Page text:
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Bits of wisdom for new parents bundled up in a blog!

6 Tips For Dressing Your Baby on Hot Summer Days (and Nights)

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There are a million adorable summer clothing options for your baby, but as the sun comes out and temperatures rise, what are the best options for dressing your baby to protect them from overheating and overexposure to sun?

The AAP (American Academy of Pediatrics) reminds us:

Because of their unique physiology, children are more susceptible to temperature extremes and their health effects. Children are less able to regulate their body temperature compared with adults. As a result, children are more likely to develop significant health effects when they are exposed to environmental temperature extremes. These temperature extremes result from natural or manmade causes. Natural causes include heat waves, unseasonably cold weather, and winter storms. Manmade events can result from inadequate home heating or cooling, extended exposure to temperature extremes without proper gear, and overheated environments, including automobiles.

Keeping your baby safe from overheating and harmful summer sun begins with the answers to these 6 questions.

  1. How should I dress my baby on a summer day?

    When it’s hot out, think about what makes you feel comfortable: bare feet, loose cotton clothing, light colors. So a basic onesie or something cottony and light are the go-to clothes for your baby, just as they are for you.

    Now think about going into an air-conditioned store or home and the shock you may feel as you enter the cold space. Layer, layer, layer!

    When it’s hot outside but the a/c is on inside, dress or undress your baby as needed to adjust to the temperature change. I like to start with a diaper and a onesie (we love onesies!) They are not only functional, but can be super adorable when worn by themselves. They are usually made of a cotton blend so are breathable while still providing coverage. My recommendation is to ALWAYS pack a lightweight blanket (like the gauze ones mentioned here), a lightweight pair of leggings or pants and a long-sleeved shirt or sweatshirt to use when going into air-conditioned spaces.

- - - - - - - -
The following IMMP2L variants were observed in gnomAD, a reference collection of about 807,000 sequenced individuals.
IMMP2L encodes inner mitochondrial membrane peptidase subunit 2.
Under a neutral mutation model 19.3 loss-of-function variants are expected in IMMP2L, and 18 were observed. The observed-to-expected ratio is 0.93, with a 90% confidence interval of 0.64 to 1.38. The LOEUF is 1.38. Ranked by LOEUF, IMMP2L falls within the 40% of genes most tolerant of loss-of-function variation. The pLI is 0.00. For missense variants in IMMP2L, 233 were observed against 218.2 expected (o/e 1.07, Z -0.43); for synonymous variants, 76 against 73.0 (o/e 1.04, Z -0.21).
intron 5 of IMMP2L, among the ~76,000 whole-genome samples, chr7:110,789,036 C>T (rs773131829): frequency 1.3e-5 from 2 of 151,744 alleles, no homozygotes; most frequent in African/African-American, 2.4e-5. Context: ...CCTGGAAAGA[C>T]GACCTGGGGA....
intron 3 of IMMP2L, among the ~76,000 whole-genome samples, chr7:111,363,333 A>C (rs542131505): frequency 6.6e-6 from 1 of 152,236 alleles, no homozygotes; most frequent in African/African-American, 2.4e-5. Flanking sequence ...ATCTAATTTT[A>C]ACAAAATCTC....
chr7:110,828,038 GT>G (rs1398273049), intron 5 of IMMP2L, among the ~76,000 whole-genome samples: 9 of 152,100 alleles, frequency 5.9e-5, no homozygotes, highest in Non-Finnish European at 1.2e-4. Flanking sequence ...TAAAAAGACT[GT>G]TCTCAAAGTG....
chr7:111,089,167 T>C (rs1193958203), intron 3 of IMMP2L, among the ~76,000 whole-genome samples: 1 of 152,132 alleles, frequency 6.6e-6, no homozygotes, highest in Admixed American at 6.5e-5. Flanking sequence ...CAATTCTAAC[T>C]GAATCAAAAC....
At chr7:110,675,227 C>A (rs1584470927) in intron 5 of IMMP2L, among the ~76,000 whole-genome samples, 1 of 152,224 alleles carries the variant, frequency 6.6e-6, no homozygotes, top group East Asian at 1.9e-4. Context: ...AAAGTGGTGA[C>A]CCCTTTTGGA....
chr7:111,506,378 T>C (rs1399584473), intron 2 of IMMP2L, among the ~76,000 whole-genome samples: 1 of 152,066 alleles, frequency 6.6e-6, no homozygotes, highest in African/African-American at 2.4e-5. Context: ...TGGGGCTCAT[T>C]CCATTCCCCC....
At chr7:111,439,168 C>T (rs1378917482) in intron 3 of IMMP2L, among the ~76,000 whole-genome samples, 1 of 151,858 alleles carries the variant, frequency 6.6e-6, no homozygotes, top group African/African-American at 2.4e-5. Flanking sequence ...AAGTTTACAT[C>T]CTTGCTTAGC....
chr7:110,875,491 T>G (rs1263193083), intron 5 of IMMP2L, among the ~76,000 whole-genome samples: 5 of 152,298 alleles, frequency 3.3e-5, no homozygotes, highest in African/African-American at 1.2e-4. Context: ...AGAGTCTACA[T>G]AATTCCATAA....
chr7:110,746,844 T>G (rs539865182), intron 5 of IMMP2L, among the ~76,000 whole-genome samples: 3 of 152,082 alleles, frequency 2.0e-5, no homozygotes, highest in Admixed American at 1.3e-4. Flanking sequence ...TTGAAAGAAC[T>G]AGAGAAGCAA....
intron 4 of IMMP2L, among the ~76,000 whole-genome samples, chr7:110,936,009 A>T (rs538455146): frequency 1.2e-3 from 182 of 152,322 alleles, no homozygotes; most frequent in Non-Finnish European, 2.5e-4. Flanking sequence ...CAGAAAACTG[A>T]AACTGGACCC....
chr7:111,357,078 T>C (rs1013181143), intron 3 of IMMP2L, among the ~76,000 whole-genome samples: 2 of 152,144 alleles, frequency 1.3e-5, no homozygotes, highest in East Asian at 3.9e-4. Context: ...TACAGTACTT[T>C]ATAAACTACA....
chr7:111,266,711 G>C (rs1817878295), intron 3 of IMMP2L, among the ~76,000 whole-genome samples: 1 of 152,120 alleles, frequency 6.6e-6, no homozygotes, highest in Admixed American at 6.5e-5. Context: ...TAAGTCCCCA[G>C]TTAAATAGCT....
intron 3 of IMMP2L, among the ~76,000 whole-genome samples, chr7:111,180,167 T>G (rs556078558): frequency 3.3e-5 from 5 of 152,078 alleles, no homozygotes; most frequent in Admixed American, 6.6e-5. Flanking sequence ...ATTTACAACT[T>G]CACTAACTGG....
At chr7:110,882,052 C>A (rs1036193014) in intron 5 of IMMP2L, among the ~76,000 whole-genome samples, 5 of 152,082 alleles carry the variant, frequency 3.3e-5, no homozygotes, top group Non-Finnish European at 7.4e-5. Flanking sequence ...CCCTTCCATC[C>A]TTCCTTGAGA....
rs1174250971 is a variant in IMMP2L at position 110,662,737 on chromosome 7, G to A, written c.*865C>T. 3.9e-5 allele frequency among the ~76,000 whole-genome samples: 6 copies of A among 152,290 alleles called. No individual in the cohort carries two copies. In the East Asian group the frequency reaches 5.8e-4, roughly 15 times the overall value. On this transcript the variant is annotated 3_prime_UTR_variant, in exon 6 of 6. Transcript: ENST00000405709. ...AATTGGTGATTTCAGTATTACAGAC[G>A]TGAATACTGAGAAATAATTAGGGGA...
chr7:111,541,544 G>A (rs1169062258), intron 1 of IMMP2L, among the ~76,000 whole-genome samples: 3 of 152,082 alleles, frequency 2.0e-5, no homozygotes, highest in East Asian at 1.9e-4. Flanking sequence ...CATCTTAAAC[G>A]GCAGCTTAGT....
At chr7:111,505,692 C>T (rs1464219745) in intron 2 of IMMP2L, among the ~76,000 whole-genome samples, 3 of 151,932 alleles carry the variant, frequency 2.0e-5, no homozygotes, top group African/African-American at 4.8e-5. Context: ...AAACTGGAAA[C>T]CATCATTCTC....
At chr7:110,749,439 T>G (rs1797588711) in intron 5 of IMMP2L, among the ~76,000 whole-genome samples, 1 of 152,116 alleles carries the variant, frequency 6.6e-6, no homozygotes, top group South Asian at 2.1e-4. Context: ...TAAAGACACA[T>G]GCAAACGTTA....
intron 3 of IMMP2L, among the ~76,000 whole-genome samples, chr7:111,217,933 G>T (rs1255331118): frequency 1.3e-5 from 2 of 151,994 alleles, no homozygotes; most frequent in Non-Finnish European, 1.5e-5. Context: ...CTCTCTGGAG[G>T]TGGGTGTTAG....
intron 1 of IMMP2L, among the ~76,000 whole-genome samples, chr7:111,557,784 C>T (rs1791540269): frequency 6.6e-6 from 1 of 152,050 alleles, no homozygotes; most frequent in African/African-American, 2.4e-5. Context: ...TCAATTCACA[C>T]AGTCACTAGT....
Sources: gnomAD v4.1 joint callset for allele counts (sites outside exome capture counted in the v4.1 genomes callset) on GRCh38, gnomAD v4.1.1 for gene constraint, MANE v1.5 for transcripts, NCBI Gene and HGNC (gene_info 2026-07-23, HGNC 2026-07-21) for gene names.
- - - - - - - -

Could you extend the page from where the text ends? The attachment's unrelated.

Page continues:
2. Does my baby need a hat?

    Simply stated, YES. While outside, whether in direct sunlight or shade, make sure your baby is wearing a hat. So many baby hats now have a UPV (Ultraviolet Protection Factor) 50 rating, a must for protecting skin from harmful exposure (for babies AND adults). When babies wear hats on a regular basis, they often become accustomed to them, which makes your life easier in the long run.

  3. We’re getting in the pool, what should my baby wear?

    If your baby is going to be in the pool or any other body of water, wearing a rash guard can offer extra protection. Water reflects sun causing MORE exposure to sun damaging rays. With that in mind, that hat we mentioned in #2 is crucial in the pool as well. Add a swim diaper and your baby is ready to cool off with you and have some fun in the sun. I love all the UPF 50 options found at Primary.com.

  4. Should my baby wear sunglasses?

    Yes! When babies wear 100% UV blocking sunglasses (not just the little cheapy ones that look cute) and a brimmed hat (here’s that hat again), you are protecting your baby’s eyes from immediate harm AND damage from cumulative exposure . And a baby in sunglasses….so cute!

  5. When it’s hot, what should my baby sleep in?

    If your home or baby’s sleep space is not air conditioned and temperature regulated, a onesie (seriously a MUST for baby wardrobes) is a great go-to. It offers a bit of coverage and comfort, yet is breathable and lightweight.

    If your home is temperature regulated,, dress your baby in their lightweight footed Sleep & Plays and swaddle (if age/developmentally appropriate) in a gauze swaddle blanket. In this instance, bedtime clothing is not seasonal as your home stays the same temperature year round.

  6. Can I use sunscreen on my baby?

    YES! The AAP has updated their guidelines regarding sunscreen for babies under 6 months old. Although shade and proper clothing are always the number one choice, they state:

    When adequate clothing and shade are not available, parents can apply a minimal amount of sunscreen with at least 15 SPF (sun protection factor) on infants under 6 months to small areas, such as the infant's face and the back of the hands. Remember it takes 30 minutes to be effective.

Are you prepared to take your baby out in the sun this summer?

~ Sheryl Cooksley


Sheryl Cooksley is a Certified Postpartum Doula and owner of Family Tree Doula Services. She provides nurturing, compassionate, and comprehensive day and overnight postpartum support throughout Portland, Oregon and the surrounding area. You can contact Family Tree Doula Services here.